10 Cope with losing a loved one. The vulnerability both personally and professionally. Learn that being a medic doesn’t prepare you for this. Nothing else reminds us of the difference a GP can make quite like needing one ourselves.

Dr Zoe Norris is a GP in Hull

 

 

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Readers' comments (10)

  • Vinci Ho

    The philosopher Immanuel Kant said that rational human beings should be treated as an end in themselves and not as a means to something else. The fact that we are human has value in itself.

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  • Good article Zoe.
    They can't measure experience, both professional or personal.
    Which shows the tick box philosophy for what it is.

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  • 100% agree. A stoma, even for a few months is informative, as is having a relative admitted under the psychiatrists. One of the reasons older doctors are more sympathetic, more life experiences.

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  • Cobblers

    Yes. I read each one thinking about my own times with children and being a patient. It changes you, I think for the better, as regards dealing with people and patients.

    5 stars from me.

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  • thank you Zoe!
    reminds us of the true importance of what we are and what we do.
    you are great! keep it up!

    - anonymous salaried!

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  • Vinci Ho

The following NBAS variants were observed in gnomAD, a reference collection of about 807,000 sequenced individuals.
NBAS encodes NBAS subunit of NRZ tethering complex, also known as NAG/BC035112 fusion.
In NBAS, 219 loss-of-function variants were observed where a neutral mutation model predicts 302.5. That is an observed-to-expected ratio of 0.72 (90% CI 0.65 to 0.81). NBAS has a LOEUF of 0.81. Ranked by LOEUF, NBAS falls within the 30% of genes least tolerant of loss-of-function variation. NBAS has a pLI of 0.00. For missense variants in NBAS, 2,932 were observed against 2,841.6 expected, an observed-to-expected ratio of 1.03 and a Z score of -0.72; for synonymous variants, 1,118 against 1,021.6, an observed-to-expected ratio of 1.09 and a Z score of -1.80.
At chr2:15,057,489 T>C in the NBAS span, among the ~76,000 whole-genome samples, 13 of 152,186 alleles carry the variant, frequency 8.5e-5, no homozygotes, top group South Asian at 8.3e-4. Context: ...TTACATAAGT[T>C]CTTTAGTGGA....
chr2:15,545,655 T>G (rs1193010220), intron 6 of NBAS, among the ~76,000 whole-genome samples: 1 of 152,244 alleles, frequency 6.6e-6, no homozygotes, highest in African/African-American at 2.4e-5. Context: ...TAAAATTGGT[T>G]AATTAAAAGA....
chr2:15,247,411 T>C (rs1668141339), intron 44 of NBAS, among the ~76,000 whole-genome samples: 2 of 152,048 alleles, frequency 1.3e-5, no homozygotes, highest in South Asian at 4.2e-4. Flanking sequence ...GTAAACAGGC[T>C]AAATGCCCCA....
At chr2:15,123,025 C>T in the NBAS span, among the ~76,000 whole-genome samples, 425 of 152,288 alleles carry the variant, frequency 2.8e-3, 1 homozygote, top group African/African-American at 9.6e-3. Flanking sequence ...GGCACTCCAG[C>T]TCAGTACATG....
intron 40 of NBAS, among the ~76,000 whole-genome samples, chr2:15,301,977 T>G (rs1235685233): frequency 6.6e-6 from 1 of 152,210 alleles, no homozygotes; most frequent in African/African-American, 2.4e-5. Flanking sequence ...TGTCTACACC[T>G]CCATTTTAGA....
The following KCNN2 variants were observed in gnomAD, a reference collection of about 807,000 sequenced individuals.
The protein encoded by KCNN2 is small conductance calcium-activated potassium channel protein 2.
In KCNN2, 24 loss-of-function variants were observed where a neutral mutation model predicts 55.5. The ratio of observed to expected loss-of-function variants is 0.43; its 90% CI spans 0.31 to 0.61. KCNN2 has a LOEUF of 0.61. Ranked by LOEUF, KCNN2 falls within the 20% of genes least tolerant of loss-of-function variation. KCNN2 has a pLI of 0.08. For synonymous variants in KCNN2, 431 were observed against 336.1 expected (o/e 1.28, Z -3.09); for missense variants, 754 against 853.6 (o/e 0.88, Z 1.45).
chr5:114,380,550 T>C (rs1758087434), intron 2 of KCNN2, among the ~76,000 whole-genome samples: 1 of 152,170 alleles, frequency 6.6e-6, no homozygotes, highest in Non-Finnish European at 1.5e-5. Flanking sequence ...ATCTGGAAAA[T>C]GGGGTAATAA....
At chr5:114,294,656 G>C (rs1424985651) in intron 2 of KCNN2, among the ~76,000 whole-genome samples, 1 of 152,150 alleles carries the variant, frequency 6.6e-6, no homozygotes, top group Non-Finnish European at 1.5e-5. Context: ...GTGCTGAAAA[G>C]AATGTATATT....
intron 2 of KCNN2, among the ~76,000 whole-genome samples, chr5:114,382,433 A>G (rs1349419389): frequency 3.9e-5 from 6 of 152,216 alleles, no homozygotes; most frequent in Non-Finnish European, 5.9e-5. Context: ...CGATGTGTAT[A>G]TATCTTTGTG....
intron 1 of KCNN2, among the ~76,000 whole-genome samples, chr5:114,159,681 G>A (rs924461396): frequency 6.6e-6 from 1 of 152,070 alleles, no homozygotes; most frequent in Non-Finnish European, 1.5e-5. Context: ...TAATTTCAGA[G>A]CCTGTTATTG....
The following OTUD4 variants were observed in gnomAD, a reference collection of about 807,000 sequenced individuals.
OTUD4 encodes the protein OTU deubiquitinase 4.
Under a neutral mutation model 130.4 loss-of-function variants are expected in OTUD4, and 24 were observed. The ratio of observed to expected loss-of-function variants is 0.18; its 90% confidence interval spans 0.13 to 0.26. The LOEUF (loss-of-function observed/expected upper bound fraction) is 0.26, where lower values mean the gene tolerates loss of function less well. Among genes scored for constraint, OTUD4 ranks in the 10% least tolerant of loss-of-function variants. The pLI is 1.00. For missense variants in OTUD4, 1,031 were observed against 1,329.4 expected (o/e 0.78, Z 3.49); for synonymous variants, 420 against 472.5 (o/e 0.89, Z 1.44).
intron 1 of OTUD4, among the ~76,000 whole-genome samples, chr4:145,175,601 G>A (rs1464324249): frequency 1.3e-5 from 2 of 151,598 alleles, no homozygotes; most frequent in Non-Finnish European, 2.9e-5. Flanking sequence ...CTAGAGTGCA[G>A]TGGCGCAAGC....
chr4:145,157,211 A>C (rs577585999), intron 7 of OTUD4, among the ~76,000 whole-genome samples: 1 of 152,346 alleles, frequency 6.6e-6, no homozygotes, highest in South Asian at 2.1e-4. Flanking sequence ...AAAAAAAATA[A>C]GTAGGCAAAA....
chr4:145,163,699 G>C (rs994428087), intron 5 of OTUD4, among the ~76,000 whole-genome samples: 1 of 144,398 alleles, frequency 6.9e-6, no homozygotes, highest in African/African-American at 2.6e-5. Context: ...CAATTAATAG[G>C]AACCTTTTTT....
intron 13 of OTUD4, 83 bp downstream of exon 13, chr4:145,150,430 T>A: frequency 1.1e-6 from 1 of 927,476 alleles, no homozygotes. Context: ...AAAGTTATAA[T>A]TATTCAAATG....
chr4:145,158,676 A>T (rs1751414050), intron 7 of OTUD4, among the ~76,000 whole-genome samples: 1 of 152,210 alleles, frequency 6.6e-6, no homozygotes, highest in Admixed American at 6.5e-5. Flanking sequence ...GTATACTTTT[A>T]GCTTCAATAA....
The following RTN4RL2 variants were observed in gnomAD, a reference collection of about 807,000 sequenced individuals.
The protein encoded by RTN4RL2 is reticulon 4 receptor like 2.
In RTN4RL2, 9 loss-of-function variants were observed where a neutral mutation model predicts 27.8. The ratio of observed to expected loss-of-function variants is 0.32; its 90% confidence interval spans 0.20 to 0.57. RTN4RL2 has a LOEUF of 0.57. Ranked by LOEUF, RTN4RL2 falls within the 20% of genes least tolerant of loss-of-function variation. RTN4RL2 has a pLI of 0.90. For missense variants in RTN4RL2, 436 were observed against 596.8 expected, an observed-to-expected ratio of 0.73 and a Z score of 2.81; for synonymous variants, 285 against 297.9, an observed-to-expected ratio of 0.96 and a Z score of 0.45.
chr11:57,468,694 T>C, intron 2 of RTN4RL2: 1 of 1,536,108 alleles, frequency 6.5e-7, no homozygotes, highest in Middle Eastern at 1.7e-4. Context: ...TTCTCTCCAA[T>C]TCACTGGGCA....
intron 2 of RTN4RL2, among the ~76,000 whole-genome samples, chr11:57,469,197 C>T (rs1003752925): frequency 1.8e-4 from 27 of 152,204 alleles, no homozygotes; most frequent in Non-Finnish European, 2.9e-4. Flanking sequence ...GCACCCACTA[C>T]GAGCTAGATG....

When I had emergency left retinal detachment repair in 1995( sadly, the ophthalmic surgeon operating on me passed away a few years later), it took me by surprise how severe the postoperative pain was . Painkillers gave me really bad constipation.
    The word empathy is only meaningful if you had owned a real life experience(s),

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  • Bob Hodges

    I'm going to get a T-Shirt printed that says:

    "Instant Lunatic - Just add Tramadol."

    I will also add that I get get told off for prescribing lots of Etoricoxib because it works so well for me, without destroying my stomach.

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  • Spare us all from the doctor who believes that their personal experience of an illness gives them more than the most rudimentary insight into another human being's experience of the same illness.

    [Having said that, the one upside of my brief encounter with the black dog is that I now have a massive amount of respect for people who struggle on, day after day, with chronic anxiety and/or depression humming away in the background.]

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  • doctordog.

    I think the opposite.
    If I have endured all these adversities without running whinging to the GP, and sustained no sequelae, I have less sympathy for those so afflicted.

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  • Sorry Lorna , but I think that is being quite cynical.
    And I should know......